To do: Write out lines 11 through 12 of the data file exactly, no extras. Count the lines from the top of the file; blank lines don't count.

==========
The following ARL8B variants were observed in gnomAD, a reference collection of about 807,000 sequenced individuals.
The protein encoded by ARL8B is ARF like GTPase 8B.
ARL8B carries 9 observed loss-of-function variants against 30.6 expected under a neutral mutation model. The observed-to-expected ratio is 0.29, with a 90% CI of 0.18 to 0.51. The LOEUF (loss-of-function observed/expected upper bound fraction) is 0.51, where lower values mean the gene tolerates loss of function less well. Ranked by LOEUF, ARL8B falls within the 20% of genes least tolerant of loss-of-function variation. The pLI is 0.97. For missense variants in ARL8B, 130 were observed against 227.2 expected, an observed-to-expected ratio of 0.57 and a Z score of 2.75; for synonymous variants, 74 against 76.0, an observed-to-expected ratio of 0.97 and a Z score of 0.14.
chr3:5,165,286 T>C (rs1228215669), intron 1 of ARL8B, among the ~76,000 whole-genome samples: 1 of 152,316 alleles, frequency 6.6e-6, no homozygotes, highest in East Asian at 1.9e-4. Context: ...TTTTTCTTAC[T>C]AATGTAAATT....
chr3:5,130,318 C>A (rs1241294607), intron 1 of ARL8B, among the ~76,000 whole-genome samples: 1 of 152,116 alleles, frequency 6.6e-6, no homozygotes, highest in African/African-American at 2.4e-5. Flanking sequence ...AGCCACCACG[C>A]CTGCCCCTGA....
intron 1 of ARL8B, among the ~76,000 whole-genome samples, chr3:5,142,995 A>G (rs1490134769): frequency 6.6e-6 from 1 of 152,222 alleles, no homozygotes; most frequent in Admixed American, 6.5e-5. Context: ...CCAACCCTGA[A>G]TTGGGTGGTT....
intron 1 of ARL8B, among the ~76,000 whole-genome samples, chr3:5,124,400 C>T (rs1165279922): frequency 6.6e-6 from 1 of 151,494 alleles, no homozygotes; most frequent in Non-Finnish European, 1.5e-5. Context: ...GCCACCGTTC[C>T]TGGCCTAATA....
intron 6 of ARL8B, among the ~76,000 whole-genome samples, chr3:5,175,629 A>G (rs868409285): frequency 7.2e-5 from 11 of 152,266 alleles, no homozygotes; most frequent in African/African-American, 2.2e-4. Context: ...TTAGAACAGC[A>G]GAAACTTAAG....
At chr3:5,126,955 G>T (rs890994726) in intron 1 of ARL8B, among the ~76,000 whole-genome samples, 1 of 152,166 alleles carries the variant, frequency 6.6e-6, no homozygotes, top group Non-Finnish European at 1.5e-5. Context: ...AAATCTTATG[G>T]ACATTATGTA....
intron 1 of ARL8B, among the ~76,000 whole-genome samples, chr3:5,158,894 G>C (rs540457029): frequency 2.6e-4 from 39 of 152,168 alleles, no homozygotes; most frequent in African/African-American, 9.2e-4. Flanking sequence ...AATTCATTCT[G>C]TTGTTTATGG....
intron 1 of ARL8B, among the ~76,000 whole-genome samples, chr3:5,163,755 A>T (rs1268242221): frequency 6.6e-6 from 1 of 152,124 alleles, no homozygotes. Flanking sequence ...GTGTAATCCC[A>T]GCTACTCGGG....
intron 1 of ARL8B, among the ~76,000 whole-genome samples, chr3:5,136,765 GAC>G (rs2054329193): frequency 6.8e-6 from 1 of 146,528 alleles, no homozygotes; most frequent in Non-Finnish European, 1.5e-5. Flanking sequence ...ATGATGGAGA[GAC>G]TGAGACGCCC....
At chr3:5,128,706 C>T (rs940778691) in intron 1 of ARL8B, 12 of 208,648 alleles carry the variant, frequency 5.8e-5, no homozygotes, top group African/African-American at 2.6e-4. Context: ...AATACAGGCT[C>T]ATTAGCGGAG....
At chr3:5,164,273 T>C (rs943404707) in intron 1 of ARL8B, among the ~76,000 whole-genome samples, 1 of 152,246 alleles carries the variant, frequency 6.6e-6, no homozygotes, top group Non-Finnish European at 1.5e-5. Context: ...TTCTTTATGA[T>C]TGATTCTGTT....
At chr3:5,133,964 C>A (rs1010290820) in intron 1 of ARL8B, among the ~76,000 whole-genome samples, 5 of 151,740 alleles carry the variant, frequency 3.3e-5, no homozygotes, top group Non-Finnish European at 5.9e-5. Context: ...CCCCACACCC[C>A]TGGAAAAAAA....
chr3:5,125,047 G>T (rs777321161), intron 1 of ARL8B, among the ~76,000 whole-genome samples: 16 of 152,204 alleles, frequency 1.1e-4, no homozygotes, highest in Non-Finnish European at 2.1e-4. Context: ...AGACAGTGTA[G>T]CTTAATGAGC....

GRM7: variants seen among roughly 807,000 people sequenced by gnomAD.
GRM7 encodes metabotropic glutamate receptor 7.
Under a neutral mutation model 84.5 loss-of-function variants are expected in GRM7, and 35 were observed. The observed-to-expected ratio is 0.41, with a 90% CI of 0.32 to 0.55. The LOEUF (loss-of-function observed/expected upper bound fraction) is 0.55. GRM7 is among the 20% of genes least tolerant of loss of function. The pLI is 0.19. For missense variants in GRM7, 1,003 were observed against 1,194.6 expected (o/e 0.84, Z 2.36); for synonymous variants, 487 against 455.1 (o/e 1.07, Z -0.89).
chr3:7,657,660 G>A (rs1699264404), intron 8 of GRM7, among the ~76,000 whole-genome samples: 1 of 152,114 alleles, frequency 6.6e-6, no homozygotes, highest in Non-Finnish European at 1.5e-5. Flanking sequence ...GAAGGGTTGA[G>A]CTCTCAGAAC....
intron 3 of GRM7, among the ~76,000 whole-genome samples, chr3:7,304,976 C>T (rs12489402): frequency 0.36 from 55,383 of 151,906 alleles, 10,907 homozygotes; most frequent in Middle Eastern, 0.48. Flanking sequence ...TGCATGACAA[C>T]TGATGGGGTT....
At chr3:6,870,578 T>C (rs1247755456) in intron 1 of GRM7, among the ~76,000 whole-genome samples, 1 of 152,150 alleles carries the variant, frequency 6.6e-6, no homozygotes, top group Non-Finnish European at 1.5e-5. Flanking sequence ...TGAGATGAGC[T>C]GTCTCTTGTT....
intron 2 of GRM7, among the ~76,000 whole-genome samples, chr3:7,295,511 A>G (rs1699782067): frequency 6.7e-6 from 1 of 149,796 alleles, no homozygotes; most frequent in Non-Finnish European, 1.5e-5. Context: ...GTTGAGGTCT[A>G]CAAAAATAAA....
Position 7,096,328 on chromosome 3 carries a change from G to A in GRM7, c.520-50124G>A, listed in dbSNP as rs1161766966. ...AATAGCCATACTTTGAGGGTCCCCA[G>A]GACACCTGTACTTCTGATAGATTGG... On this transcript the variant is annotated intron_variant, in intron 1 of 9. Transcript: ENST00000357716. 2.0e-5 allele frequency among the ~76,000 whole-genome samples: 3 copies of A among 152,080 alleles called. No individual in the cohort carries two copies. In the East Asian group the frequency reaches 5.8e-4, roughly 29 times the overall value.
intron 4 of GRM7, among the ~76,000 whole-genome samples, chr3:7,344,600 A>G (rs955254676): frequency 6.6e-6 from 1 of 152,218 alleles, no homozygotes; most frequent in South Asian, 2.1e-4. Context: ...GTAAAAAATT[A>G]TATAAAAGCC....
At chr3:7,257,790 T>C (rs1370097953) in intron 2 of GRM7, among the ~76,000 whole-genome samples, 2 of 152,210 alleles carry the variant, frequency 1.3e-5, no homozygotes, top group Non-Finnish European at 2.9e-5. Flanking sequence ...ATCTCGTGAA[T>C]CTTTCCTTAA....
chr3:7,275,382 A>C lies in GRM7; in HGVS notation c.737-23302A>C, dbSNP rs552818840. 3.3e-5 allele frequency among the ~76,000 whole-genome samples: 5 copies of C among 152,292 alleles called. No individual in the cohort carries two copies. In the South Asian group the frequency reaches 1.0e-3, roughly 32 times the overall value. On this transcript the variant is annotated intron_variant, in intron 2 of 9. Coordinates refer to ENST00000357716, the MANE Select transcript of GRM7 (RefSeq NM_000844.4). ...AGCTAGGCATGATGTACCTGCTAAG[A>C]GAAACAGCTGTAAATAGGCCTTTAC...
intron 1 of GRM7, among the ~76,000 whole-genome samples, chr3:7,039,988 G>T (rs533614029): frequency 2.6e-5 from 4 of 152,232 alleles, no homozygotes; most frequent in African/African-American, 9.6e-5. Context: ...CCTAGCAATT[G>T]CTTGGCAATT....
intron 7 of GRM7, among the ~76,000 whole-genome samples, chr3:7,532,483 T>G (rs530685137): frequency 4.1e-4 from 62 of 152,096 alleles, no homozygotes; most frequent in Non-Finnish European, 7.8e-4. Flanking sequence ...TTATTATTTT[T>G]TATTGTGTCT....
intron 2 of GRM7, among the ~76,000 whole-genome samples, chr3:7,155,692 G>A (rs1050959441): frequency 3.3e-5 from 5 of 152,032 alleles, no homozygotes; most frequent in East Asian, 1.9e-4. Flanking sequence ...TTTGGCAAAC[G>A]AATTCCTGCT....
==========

intron 1 of ARL8B, among the ~76,000 whole-genome samples, chr3:5,163,755 A>T (rs1268242221): frequency 6.6e-6 from 1 of 152,124 alleles, no homozygotes. Flanking sequence ...GTGTAATCCC[A>T]GCTACTCGGG....
intron 1 of ARL8B, among the ~76,000 whole-genome samples, chr3:5,136,765 GAC>G (rs2054329193): frequency 6.8e-6 from 1 of 146,528 alleles, no homozygotes; most frequent in Non-Finnish European, 1.5e-5. Flanking sequence ...ATGATGGAGA[GAC>G]TGAGACGCCC....